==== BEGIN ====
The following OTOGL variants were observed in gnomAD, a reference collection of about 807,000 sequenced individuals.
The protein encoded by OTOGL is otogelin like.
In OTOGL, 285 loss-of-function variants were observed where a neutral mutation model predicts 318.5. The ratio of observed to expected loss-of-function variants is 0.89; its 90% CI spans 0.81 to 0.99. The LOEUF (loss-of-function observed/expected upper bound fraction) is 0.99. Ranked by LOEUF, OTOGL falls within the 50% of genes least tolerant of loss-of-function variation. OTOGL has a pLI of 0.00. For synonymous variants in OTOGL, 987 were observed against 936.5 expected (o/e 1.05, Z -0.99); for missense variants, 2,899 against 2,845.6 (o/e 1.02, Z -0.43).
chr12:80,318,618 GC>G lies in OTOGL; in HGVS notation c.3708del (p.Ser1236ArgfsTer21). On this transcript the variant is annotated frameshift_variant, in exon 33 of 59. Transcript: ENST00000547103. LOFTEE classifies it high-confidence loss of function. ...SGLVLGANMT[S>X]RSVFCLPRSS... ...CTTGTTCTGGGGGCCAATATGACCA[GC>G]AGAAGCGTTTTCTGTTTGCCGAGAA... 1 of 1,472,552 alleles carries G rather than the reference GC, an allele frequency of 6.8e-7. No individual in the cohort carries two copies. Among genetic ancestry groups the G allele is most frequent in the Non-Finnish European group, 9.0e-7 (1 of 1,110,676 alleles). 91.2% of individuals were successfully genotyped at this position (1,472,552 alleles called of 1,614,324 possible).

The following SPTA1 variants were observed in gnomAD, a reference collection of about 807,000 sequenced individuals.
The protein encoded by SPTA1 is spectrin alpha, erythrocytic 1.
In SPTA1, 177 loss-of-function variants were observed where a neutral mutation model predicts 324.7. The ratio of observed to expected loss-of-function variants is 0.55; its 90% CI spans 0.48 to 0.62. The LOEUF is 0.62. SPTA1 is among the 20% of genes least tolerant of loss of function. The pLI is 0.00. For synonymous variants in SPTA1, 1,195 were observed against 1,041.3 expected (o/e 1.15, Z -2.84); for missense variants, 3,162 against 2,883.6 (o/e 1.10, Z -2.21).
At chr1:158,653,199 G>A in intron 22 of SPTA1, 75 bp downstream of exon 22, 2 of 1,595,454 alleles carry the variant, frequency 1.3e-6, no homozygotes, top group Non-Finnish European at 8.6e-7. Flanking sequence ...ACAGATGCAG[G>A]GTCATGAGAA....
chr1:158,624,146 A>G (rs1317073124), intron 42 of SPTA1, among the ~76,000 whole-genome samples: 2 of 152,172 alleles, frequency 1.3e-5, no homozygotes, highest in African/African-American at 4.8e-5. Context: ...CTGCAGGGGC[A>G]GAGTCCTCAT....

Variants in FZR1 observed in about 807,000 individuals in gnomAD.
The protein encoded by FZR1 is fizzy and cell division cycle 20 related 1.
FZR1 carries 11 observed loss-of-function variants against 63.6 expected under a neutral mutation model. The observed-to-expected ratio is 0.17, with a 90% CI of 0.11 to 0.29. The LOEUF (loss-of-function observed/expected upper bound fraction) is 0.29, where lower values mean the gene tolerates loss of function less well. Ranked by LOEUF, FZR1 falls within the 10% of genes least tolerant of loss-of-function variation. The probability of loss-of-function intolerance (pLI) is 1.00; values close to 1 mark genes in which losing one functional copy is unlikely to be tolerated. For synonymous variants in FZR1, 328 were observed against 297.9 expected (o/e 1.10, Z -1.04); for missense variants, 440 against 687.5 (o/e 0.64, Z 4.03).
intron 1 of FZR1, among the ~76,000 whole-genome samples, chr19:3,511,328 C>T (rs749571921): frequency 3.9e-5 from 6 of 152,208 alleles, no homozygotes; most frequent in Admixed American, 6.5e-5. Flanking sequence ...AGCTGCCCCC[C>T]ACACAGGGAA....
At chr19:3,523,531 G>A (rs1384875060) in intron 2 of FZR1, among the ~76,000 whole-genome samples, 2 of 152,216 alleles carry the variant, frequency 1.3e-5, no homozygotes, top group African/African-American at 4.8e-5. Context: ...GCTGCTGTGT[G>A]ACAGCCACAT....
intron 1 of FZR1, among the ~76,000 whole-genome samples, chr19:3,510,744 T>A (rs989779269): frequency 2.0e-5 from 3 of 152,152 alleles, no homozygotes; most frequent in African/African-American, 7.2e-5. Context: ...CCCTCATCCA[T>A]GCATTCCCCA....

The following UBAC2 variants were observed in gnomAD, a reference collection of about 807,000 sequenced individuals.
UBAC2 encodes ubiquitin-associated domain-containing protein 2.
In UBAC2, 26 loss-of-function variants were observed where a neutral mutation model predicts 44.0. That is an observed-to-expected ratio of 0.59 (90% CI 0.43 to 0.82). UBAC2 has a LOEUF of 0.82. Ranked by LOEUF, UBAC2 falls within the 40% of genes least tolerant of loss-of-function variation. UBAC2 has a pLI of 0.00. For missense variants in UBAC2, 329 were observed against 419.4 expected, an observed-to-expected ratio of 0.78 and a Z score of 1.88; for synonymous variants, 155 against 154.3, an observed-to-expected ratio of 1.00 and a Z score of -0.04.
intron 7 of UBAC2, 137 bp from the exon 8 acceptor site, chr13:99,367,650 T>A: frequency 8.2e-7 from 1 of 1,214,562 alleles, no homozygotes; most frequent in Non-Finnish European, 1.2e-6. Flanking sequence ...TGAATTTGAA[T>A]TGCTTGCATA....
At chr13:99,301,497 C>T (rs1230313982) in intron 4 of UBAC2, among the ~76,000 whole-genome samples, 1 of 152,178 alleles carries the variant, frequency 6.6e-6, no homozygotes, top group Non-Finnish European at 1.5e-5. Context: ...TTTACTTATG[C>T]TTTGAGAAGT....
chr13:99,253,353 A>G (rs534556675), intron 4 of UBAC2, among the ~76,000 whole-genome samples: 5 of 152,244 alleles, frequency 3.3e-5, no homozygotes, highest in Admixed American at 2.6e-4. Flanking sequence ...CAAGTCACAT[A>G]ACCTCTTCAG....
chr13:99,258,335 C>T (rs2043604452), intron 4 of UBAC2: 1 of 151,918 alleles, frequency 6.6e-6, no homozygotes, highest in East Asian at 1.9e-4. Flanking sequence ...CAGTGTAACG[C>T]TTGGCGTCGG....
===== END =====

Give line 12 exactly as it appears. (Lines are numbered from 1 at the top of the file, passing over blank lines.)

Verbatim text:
FZR1 carries 11 observed loss-of-function variants against 63.6 expected under a neutral mutation model. The observed-to-expected ratio is 0.17, with a 90% CI of 0.11 to 0.29. The LOEUF (loss-of-function observed/expected upper bound fraction) is 0.29, where lower values mean the gene tolerates loss of function less well. Ranked by LOEUF, FZR1 falls within the 10% of genes least tolerant of loss-of-function variation. The probability of loss-of-function intolerance (pLI) is 1.00; values close to 1 mark genes in which losing one functional copy is unlikely to be tolerated. For synonymous variants in FZR1, 328 were observed against 297.9 expected (o/e 1.10, Z -1.04); for missense variants, 440 against 687.5 (o/e 0.64, Z 4.03).